A middle college would be a high school program at the HCC campus offering high school and college courses with a focus on science, technology, engineering, math and medical careers, according to the strategic plan.
For adult and continuing-education students, HCC has expanded its online offerings, as well as evening and weekend classes, to make it more convenient for people who are trying to complete their educations, Shank said.
In September, the Greater Hagerstown Committee Education Forum discussed the idea of Washington County paying for high school graduates to attend HCC. Shank said nothing new has developed on that proposal.
The economic development plan also suggested the county explore establishing a four-year university, along with student housing.
State Del. LeRoy E. Myers Jr., R-Washington/Allegany, said having the combination of HCC and the University System of Maryland at Hagerstown serves as a four-year college for some students. Hagerstown Community College offers two-year degrees and course work for which the credits are transferable to USMH for many programs, he said.
USMH offers graduate and postgraduate degrees from Frostburg University, University of Maryland College, Towson University, Salisbury University and the University of Maryland College Park at its campus in downtown Hagerstown.
While HCC has no plans to become a four-year institution, it did enter into a “3 + 1” agreement with Drexel University that allows nursing students with associate degrees to take an additional 10 courses at HCC that can be applied toward a Bachelor of Science in nursing at Drexel.
With a 25 percent discount on tuition, it is a cost-effective method for nursing students to complete the third year of the program before finishing at Drexel, Shank said.
Kaplan University offers four-year degrees, as well as master’s and associate degrees, Motz said.
“We offer 32 bachelor’s degree programs you can enroll in through the Hagerstown campus. Many of those are online only,” Motz said.
The dozen master’s degree programs also are offered online, he said.
“I think we’d be a long way off” from a four-year university, Myers said, but he agreed with a proposal to the city from Sora Development of Towson, Md., that student housing near the campus would be beneficial.
Representatives of Sora came to Hagerstown in January to discuss with city officials the possibility of a public-private partnership to come up with a comprehensive redevelopment plan for the downtown.
Student housing would bring much-needed economic activity to the downtown, along with providing housing for students who otherwise might face long commutes to school, Myers said.
“We have a full-service dormitory here that is underutilized,” Motz said of Kaplan.
It is currently at about one-third of its 36-student capacity, could be expanded and is on the bus line, he said.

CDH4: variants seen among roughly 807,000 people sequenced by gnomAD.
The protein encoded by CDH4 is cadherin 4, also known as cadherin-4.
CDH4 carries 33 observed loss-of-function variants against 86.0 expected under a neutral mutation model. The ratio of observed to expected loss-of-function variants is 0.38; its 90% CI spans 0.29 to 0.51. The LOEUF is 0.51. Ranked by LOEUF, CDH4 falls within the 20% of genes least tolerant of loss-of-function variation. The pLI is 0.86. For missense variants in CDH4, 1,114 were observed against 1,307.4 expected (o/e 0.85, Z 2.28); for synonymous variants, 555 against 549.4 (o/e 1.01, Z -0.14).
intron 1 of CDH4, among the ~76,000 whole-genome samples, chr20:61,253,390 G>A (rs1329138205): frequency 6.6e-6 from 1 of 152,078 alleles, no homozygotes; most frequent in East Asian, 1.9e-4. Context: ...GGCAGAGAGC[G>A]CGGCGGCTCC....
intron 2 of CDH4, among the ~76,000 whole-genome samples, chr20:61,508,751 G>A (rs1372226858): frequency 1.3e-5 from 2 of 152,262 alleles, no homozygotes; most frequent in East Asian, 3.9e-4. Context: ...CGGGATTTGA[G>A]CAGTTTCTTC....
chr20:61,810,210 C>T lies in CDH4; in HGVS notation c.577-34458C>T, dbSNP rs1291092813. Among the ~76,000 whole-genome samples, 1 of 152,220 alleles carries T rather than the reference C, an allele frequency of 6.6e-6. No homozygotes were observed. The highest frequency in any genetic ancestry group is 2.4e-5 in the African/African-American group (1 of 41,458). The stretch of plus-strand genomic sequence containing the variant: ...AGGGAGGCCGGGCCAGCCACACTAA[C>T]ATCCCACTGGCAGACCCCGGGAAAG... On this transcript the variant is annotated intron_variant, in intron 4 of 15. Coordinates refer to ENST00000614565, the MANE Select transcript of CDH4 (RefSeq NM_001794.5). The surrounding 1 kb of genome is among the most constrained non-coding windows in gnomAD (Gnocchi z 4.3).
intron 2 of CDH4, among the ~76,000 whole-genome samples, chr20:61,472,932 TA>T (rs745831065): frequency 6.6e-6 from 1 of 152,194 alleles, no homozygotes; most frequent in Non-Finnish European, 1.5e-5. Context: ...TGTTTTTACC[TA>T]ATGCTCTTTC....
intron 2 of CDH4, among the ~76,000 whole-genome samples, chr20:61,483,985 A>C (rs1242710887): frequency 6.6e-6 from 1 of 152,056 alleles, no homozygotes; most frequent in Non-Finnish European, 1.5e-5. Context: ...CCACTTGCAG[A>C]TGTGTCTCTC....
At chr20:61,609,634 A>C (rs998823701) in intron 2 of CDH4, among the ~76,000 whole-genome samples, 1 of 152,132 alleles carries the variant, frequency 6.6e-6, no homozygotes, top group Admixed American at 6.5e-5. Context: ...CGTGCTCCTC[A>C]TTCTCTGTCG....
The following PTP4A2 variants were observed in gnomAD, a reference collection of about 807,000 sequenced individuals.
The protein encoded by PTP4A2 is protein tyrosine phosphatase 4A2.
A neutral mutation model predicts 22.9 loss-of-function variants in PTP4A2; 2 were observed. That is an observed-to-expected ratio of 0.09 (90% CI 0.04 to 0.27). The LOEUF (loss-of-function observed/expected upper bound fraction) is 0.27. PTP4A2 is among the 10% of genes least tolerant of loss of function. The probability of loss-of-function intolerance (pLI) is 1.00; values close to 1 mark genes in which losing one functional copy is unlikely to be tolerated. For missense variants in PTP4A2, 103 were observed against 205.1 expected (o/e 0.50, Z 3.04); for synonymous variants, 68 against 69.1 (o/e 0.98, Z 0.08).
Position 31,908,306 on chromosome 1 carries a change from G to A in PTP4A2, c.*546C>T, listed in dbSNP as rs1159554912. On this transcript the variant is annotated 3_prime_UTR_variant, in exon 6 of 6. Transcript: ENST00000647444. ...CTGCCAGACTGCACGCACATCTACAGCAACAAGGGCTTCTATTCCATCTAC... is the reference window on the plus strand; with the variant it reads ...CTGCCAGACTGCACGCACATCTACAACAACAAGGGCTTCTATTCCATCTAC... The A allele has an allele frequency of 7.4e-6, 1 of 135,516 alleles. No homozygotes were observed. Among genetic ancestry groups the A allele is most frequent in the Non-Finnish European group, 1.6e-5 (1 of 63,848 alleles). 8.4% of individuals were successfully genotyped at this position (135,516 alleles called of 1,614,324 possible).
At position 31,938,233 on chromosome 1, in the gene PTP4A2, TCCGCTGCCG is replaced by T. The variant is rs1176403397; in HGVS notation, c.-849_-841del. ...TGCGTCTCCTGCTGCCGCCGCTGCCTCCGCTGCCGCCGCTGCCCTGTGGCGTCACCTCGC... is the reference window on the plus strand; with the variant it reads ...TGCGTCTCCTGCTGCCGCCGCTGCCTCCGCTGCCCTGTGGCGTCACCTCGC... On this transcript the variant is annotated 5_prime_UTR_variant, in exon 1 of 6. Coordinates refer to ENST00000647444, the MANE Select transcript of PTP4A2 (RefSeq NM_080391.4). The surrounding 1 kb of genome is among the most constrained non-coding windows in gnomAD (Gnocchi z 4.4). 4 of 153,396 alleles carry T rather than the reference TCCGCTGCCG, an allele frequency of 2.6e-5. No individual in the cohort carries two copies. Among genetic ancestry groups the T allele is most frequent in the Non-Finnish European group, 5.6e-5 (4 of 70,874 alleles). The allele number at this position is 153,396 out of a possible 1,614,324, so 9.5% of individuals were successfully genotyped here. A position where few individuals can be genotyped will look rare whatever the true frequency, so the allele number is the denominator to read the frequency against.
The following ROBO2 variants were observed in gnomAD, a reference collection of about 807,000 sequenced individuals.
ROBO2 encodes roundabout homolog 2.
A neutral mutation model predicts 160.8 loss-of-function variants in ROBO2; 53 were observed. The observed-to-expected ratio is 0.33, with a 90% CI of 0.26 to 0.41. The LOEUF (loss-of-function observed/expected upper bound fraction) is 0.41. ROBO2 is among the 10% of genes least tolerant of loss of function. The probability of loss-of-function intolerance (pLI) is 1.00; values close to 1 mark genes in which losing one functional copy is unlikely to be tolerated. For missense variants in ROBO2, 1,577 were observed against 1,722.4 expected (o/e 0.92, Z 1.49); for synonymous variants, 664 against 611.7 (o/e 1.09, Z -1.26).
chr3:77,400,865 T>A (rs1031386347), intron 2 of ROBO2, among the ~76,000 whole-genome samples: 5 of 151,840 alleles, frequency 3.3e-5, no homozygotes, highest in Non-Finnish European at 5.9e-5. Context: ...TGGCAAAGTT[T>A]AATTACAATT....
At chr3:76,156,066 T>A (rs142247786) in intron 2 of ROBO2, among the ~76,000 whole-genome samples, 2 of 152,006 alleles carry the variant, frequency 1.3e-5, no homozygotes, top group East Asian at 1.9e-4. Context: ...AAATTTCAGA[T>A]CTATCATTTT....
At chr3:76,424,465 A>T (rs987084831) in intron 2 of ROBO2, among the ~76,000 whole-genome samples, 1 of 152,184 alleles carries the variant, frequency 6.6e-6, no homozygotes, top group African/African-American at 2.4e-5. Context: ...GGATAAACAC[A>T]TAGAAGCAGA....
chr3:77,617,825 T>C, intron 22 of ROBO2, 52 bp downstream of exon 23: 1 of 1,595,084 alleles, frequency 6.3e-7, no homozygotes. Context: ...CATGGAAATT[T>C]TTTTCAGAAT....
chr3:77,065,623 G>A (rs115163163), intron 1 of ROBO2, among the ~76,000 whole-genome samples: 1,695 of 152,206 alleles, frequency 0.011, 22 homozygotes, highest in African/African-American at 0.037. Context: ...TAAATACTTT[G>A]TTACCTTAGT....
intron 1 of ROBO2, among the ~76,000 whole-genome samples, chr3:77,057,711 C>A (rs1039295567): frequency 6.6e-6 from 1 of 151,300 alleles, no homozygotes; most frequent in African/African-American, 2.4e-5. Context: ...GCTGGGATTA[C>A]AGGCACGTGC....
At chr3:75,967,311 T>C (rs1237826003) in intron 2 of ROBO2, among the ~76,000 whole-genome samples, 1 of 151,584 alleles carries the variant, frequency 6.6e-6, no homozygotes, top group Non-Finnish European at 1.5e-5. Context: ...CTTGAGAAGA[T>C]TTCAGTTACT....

Kaplan would be willing to work with other institutions that have a need for student housing.
“I think it’s something worth considering and planning for,” Del. Andrew A. Serafini said of student housing. “Dormitories would make a big difference.”
Student housing would help draw in students from outside the area, even from outside the country, said Serafini, R-Washington.
As the population ages, the people needed to fill the workforce will, in many cases, come from other countries, he said.
In the broader view of education and workforce development needs, the comparatively low percentages of Washington County residents having bachelor’s or graduate degrees is a cause for concern, particularly in attracting knowledge-based and technology-oriented businesses and professionals, according to information in the Economic Development Strategic Plan for Hagerstown and Washington County.
The report listed the following proposed actions related to education:
• Conduct meetings with affected and interested parties, including the Hagerstown-Washington County Economic Development Commission, Hagerstown Community College, University System of Maryland at Hagerstown and Kaplan University to discuss educational needs, political realities, opportunities and potential strategies for expanding higher education in Hagerstown-Washington County.
• Expand, coordinate and effectively market on-site and online continuing-education programs at Hagerstown Community College, University System of Maryland at Hagerstown and Kaplan University leading to bachelor’s and advanced degrees.
• Assess needs and opportunities and develop a strategy and action plan to elevate the identity and presence of University System of Maryland at Hagerstown, with the goal of becoming a full self-contained, four-year public university in Washington County. Expand course offerings and provide student housing opportunities and other amenities downtown to support an expanded presence.
The EDC, in cooperation with the Washington County Board of Commissioners and Hagerstown’s mayor and city council, should join forces to promote the concept and provide a united front in pursuit of conceptual and financial support from the governor, the Maryland General Assembly and Maryland Higher Education Commission.
Editor’s note: This is one in an occasional series of stories on findings and recommendations in the Hagerstown and Washington County Economic Development Strategic Plan.
What ran Sunday: Workforce development